The black scoter is a medium-sized sea duck. It is also known as the American scoter. It forms the subgenus Oidemia with the common scoter (Melanitta nigra), a similar species.
Black scoters can be found along the northern coasts of the United States and Canada, where they can be seen in large flocks near shorelines, shallow lakes, and rivers.
An adult male black scoter is a striking-looking bird with primarily dark plumage and a bright yellow knob at the base of its bill. The head and back are glossy black, while the underparts and sides of the body are brownish-black in color.
An adult female black scoter is a medium-sized sea duck that has a distinct dark cap on its rounded head. Its bill is relatively straight and small in size compared to other waterfowl.
Its overall body plumage is predominantly brownish, with a pale cheeks. However, the feathers around the neck area are darker and thicker than those elsewhere on its body.
Listen to Black Scoter
Habitat & Range
These ducks breed primarily in the far north of North America, primarily in Labrador and Newfoundland to the southeast and northwest of Hudson Bay.
These birds migrate south during the winter to their major wintering areas as far south as California on the Pacific coast and northern Mexico on the Gulf of Mexico. Some birds will overwinter in North America’s Great Lakes region or travel west as rare vagrants into western Europe.
Shallow coastal waters, sheltered bays, inland lakes, estuaries, fresh water wetlands with abundant vegetation, and mudflats near rivers and streams are all part of their habitat.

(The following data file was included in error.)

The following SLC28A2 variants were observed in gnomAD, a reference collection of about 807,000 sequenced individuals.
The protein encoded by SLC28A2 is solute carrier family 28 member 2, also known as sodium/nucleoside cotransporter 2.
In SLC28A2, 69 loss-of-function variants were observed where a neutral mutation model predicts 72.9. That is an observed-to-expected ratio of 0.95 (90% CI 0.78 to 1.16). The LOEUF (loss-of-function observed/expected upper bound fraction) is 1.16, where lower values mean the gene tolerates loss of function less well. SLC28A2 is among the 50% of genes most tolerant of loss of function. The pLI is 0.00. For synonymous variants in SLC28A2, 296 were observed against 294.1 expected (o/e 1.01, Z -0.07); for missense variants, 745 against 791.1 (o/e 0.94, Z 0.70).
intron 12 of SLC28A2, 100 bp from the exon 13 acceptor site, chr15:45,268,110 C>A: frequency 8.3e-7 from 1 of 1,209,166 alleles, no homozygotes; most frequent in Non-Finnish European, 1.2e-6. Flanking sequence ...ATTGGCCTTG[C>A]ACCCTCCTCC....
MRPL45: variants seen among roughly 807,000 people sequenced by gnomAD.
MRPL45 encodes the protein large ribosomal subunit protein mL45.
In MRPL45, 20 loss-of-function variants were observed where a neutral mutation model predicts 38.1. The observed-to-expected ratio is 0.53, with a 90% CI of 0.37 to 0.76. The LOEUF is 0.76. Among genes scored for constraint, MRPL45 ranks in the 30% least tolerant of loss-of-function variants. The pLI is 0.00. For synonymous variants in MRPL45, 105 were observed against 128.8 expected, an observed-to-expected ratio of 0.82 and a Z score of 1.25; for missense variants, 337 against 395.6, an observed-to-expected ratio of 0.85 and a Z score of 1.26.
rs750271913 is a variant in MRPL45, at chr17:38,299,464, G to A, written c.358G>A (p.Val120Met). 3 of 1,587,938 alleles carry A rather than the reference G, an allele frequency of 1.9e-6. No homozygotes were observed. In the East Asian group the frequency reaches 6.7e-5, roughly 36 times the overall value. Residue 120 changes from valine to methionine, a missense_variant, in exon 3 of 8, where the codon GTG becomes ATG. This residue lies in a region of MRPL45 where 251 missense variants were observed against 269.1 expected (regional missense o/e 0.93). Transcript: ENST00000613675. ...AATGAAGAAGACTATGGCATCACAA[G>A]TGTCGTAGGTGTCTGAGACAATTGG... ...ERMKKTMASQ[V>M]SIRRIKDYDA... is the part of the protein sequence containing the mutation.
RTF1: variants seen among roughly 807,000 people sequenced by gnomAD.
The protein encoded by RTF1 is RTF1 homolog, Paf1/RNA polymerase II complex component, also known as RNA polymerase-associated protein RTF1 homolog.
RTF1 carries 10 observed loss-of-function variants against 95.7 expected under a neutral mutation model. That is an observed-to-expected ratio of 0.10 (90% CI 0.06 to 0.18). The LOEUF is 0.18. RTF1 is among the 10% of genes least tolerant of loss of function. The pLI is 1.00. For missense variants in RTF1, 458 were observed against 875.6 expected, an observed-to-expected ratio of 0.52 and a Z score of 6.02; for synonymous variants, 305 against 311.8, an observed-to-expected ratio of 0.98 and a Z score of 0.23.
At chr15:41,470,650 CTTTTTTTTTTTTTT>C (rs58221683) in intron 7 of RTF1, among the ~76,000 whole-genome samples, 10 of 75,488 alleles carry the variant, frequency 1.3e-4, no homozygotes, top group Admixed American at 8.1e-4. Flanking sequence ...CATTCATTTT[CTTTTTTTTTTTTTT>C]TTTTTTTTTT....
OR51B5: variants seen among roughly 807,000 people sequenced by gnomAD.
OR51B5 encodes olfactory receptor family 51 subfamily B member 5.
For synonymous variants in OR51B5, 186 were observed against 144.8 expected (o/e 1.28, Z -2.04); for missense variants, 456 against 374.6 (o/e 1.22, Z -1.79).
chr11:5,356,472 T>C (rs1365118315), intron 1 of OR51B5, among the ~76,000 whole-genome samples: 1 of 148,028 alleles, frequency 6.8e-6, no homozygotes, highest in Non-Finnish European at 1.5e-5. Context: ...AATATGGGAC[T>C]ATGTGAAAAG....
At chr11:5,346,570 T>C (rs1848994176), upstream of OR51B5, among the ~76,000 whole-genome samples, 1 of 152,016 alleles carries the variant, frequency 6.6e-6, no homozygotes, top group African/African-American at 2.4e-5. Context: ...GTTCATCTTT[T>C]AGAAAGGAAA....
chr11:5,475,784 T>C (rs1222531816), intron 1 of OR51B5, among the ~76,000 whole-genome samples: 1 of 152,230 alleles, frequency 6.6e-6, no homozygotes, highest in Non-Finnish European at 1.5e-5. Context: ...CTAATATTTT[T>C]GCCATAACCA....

Diet & Food Habits
The black scoter is a highly adaptable, omnivorous and opportunistic feeder. Its diet consists mainly of aquatic invertebrates, insects, mayflies, and caddisflies. It also supplements its dietary needs with plant materials such as algae, seaweed, or eelgrass. The black scoter also feeds on small fish, fish eggs, and seeds.
Nesting & Mating Habits
Pairs form in late fall or early spring, and the breeding season is from May to June.
The female chooses the nest site usually in the northern forest, near shallow water. She builds a nest that is usually a shallow depression lined with down and soft plant material.
The female lays 5 to 11 eggs of whitish to pale buff color. She incubates alone for 27 to 31 days.
After hatching, the chicks are covered with down and leave the nest soon after. The female then broods them during their first nights and tends to them even though they are already capable of feeding themselves. Young black scoters fledge 6 to 7 weeks from hatching.
Population & Conservation Status
The global population of this duck is estimated to be 530,000 – 830,000 individuals.
The species is particularly vulnerable to oil spills and human disturbances when molting or when they lose their flight feathers and wintering.
As a result of these pressures, this duck is currently listed as Near Threatened by the IUCN.
In the United States, hunters can hunt black scoters during carefully managed seasons established by the U.S. Fish and Wildlife Service. These hunting seasons aim to ensure that hunting pressure does not exceed sustainable levels and remains balanced with the Black Scoter population in North America.
- The female black scoter has a dark crown.
- Black scoters are omnivores, feeding on plants, invertebrates and aquatic insects.
- Male black scoters have a black bill with a large yellow knob at its base.
- Males and females form pairs in the fall or early spring.